As an interesting finding, a noticeable number of stop codons were detected among the HCC/cirrhotic group. In total, 12 stop codon mutations including C69*, C107*, G159*, W182*, L94* and L95* were detectable, but only C69* was significantly important. Regarding the length of HBsAg, it is predictable that truncation from gene end such as L216 leaves an ineffective alteration in the structure when compared to longer deletions of protein (e.g. C69 and C107) in the HCC/Cirrhotic group. This is not the first report claiming the importance of HBs truncation in disease progression. These long truncations lead to deletion of carboxyl terminal and creation of new HBsAg versions with different activities. Interestingly, stop codons including L95*, Q104*, W172*, W182*, W196* and L216* have been indicated to be responsible for disease progression toward tumor and cirrhosis [12,16,23]. The stop codon mutations like L95*, W182*, and L216* were shown to activate cell proliferation and induce transformation through transactivation of different oncogenes [16,23]. Similarly, the presence of stop codons in our HCC/cirrhotic group might also emphasize on their molecular roles in enhancing the disease progression toward cirrhosis and HCC by unknown mechanisms. The correlation of C69* stop mutation with cirrhosis has also been described by Veazjalali et al. on a pure genotype D infected population [24]. However, since there is no similar report, a genotype dependency for these kinds of mutations is predictable.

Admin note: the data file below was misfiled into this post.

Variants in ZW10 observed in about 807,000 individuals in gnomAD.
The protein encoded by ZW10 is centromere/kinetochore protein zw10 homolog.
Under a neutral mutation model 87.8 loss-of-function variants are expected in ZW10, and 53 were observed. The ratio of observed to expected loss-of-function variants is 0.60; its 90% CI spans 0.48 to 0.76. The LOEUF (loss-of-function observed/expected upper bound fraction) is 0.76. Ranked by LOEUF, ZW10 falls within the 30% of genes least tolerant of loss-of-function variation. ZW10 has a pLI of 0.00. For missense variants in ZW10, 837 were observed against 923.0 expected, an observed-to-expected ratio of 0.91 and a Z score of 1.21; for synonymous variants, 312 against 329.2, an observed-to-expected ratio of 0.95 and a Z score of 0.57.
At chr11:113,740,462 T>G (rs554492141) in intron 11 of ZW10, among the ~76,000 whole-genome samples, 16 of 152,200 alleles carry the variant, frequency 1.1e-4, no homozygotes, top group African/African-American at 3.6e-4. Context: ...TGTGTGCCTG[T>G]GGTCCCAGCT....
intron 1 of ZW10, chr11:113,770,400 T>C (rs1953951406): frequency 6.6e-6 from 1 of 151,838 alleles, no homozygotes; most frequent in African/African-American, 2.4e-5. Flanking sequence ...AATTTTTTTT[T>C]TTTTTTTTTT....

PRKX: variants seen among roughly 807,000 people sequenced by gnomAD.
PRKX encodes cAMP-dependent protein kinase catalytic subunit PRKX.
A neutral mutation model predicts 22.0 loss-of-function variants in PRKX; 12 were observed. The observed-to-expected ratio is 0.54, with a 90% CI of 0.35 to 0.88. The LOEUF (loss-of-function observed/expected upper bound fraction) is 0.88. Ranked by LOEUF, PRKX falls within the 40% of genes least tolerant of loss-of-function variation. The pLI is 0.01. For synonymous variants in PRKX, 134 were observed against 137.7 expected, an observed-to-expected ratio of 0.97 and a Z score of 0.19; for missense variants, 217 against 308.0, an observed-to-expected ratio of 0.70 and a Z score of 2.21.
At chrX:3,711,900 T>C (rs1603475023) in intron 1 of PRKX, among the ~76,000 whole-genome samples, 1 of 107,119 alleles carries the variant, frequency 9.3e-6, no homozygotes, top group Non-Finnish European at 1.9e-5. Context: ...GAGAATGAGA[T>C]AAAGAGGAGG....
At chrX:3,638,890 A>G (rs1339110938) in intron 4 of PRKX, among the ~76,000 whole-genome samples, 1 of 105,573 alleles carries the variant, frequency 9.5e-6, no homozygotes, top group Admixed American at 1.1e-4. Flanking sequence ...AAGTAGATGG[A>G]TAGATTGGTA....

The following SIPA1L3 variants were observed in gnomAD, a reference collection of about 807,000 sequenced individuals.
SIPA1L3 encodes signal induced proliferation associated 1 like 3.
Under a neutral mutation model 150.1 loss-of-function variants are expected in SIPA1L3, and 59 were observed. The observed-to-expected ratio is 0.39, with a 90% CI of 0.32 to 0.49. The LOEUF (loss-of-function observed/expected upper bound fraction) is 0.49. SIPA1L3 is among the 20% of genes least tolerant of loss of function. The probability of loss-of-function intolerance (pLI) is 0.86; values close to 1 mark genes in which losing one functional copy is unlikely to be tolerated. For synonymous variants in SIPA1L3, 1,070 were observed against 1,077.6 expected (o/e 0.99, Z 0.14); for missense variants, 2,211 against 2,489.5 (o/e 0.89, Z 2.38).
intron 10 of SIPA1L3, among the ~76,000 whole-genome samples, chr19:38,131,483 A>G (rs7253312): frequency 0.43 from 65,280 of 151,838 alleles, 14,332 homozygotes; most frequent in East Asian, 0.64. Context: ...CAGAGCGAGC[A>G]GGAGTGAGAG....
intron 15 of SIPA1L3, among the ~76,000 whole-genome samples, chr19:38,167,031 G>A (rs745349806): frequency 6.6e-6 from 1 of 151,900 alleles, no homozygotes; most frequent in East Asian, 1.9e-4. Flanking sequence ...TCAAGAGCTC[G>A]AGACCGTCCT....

In addition, truncating stop codons are suspected to correlate with failure in HBsAg detection and with virus diagnosis [11,25]. On the contrary, all of our cases showed a detectable amount of HBsAg when assayed by an ELISA method. Hence, it could be concluded that at least in our population with genotype D, the role of variations in detection failure is ignorable. By modeling and in vitro assessment, Sadeghi et al. showed that variations in MHR might have an impact on diagnosis, but not as much to entirely destroy the detection process [15].